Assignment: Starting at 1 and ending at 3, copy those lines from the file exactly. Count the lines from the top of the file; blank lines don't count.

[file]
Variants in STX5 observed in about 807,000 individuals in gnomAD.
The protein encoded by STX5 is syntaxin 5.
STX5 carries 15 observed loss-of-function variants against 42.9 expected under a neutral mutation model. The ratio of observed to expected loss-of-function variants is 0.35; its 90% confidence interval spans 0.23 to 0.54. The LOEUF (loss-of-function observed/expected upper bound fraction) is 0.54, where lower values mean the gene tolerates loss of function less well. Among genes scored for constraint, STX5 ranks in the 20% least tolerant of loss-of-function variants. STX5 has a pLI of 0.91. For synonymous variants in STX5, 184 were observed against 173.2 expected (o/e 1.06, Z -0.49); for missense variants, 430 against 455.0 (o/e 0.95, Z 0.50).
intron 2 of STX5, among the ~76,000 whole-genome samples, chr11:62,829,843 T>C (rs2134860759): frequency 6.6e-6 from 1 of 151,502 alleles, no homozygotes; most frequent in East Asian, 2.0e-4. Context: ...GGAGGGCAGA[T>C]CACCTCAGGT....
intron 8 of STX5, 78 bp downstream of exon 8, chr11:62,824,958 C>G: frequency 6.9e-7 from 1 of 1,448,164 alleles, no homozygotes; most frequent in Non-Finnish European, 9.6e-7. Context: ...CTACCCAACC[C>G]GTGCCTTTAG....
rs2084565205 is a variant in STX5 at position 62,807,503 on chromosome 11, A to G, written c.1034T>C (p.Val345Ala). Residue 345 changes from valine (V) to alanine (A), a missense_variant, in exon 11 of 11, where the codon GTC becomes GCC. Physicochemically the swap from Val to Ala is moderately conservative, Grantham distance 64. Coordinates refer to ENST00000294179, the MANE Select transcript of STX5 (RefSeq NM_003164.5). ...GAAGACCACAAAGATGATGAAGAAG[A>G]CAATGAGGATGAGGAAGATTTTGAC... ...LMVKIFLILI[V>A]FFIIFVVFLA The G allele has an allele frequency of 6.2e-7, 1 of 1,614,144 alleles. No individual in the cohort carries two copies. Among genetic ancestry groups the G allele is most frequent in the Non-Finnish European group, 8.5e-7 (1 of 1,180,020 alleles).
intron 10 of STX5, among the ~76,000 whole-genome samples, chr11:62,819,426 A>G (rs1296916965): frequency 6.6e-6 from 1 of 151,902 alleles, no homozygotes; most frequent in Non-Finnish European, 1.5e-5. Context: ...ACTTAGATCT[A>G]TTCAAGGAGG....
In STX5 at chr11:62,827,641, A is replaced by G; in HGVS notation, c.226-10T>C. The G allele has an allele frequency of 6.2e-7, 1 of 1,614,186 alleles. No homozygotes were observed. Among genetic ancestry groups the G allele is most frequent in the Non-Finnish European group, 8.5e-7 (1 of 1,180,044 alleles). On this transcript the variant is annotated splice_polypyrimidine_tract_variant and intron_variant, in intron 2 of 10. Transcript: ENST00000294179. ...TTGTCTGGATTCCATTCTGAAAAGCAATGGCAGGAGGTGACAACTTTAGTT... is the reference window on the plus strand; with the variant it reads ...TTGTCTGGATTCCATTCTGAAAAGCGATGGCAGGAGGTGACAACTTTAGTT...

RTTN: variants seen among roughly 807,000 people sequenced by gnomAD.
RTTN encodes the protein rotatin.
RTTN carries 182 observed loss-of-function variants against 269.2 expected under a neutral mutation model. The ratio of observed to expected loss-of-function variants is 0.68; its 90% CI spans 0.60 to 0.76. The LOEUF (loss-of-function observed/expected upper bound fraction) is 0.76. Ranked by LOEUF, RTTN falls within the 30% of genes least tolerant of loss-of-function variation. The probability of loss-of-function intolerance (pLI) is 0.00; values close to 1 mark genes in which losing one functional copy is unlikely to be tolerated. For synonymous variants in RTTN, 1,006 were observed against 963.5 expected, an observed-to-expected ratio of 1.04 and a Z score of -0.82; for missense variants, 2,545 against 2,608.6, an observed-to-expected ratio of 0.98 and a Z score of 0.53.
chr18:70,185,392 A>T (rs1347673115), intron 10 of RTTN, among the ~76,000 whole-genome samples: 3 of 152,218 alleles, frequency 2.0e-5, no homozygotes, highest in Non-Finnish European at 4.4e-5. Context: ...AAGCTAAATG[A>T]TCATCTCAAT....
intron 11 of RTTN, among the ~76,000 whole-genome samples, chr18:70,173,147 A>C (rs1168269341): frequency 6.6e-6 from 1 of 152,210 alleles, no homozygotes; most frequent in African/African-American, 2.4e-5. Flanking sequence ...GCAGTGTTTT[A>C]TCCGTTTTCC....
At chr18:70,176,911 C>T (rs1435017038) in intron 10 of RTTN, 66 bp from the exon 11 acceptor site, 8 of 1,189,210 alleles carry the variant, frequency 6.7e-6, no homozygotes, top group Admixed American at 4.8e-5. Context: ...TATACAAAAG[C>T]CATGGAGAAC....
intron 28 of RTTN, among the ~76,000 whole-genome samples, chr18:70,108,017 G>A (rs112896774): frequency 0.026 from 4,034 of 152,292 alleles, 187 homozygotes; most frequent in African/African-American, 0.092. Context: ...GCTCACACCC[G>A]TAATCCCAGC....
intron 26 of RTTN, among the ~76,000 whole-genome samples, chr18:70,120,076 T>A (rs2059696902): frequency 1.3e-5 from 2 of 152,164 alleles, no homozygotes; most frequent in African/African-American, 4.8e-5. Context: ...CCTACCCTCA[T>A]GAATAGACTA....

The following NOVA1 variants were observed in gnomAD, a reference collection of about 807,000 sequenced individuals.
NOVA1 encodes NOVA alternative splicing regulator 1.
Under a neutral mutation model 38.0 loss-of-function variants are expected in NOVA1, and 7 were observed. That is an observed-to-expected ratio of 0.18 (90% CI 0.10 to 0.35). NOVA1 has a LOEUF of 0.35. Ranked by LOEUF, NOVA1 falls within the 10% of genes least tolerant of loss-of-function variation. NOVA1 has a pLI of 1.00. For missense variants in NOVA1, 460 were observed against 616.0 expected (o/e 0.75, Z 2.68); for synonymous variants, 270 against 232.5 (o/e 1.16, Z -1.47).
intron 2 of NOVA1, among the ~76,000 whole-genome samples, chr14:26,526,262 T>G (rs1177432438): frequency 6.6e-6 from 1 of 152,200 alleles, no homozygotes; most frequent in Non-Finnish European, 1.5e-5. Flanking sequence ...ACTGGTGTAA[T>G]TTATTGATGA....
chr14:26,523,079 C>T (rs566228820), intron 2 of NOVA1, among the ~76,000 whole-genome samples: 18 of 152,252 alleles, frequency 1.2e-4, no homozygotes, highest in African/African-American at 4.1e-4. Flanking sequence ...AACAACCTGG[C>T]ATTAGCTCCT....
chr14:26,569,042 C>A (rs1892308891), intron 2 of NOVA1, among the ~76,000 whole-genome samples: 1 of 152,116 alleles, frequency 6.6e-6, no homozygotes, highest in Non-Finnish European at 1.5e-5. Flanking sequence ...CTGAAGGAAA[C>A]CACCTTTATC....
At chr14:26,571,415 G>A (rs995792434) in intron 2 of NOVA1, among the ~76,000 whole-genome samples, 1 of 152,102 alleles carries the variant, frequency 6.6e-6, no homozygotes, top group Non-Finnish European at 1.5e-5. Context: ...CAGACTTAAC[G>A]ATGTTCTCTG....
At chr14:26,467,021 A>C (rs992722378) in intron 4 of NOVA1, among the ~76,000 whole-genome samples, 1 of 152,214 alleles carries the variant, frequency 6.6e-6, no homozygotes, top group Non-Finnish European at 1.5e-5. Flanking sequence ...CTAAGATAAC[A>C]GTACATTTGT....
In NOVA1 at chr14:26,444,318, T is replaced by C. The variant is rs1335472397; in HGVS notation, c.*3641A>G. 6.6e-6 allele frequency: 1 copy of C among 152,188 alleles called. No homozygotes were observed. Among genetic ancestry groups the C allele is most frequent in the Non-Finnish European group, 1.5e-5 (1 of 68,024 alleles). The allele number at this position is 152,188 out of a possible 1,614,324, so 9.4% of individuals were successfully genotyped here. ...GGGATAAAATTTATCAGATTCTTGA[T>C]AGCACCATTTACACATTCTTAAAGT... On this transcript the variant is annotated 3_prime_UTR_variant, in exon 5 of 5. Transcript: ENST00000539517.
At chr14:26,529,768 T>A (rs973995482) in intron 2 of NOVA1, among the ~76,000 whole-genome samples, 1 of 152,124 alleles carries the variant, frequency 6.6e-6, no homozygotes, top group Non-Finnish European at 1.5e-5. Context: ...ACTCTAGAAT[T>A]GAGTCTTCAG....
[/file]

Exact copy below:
Variants in STX5 observed in about 807,000 individuals in gnomAD.
The protein encoded by STX5 is syntaxin 5.
STX5 carries 15 observed loss-of-function variants against 42.9 expected under a neutral mutation model. The ratio of observed to expected loss-of-function variants is 0.35; its 90% confidence interval spans 0.23 to 0.54. The LOEUF (loss-of-function observed/expected upper bound fraction) is 0.54, where lower values mean the gene tolerates loss of function less well. Among genes scored for constraint, STX5 ranks in the 20% least tolerant of loss-of-function variants. STX5 has a pLI of 0.91. For synonymous variants in STX5, 184 were observed against 173.2 expected (o/e 1.06, Z -0.49); for missense variants, 430 against 455.0 (o/e 0.95, Z 0.50).